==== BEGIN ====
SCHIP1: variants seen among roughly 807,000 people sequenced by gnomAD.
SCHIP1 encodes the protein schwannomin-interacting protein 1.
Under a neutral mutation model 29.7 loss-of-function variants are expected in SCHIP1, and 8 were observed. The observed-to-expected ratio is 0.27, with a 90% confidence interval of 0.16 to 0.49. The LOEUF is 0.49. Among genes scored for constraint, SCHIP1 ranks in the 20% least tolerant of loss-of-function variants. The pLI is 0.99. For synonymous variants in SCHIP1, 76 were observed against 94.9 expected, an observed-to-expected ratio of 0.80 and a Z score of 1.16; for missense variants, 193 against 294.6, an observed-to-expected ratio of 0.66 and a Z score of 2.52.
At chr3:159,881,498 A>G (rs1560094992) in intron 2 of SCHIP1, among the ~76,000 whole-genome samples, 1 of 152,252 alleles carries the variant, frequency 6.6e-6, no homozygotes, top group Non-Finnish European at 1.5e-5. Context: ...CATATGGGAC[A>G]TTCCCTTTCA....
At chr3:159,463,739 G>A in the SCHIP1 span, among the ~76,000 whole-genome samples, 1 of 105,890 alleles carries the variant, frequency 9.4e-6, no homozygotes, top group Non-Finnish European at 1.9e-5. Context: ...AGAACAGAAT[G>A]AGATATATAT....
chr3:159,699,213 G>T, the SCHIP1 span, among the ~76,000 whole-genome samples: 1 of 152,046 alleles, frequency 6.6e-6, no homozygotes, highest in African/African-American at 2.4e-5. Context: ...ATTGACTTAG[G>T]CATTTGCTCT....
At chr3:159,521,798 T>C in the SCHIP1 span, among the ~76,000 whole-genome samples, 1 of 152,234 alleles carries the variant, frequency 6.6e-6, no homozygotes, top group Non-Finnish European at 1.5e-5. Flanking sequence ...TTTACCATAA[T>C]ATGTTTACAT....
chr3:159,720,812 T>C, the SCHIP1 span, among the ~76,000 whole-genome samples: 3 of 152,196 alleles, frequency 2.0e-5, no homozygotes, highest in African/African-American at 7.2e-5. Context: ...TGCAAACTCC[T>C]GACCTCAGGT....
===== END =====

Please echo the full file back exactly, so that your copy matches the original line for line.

SCHIP1: variants seen among roughly 807,000 people sequenced by gnomAD.
SCHIP1 encodes the protein schwannomin-interacting protein 1.
Under a neutral mutation model 29.7 loss-of-function variants are expected in SCHIP1, and 8 were observed. The observed-to-expected ratio is 0.27, with a 90% confidence interval of 0.16 to 0.49. The LOEUF is 0.49. Among genes scored for constraint, SCHIP1 ranks in the 20% least tolerant of loss-of-function variants. The pLI is 0.99. For synonymous variants in SCHIP1, 76 were observed against 94.9 expected, an observed-to-expected ratio of 0.80 and a Z score of 1.16; for missense variants, 193 against 294.6, an observed-to-expected ratio of 0.66 and a Z score of 2.52.
At chr3:159,881,498 A>G (rs1560094992) in intron 2 of SCHIP1, among the ~76,000 whole-genome samples, 1 of 152,252 alleles carries the variant, frequency 6.6e-6, no homozygotes, top group Non-Finnish European at 1.5e-5. Context: ...CATATGGGAC[A>G]TTCCCTTTCA....
At chr3:159,463,739 G>A in the SCHIP1 span, among the ~76,000 whole-genome samples, 1 of 105,890 alleles carries the variant, frequency 9.4e-6, no homozygotes, top group Non-Finnish European at 1.9e-5. Context: ...AGAACAGAAT[G>A]AGATATATAT....
chr3:159,699,213 G>T, the SCHIP1 span, among the ~76,000 whole-genome samples: 1 of 152,046 alleles, frequency 6.6e-6, no homozygotes, highest in African/African-American at 2.4e-5. Context: ...ATTGACTTAG[G>T]CATTTGCTCT....
At chr3:159,521,798 T>C in the SCHIP1 span, among the ~76,000 whole-genome samples, 1 of 152,234 alleles carries the variant, frequency 6.6e-6, no homozygotes, top group Non-Finnish European at 1.5e-5. Flanking sequence ...TTTACCATAA[T>C]ATGTTTACAT....
chr3:159,720,812 T>C, the SCHIP1 span, among the ~76,000 whole-genome samples: 3 of 152,196 alleles, frequency 2.0e-5, no homozygotes, highest in African/African-American at 7.2e-5. Context: ...TGCAAACTCC[T>C]GACCTCAGGT....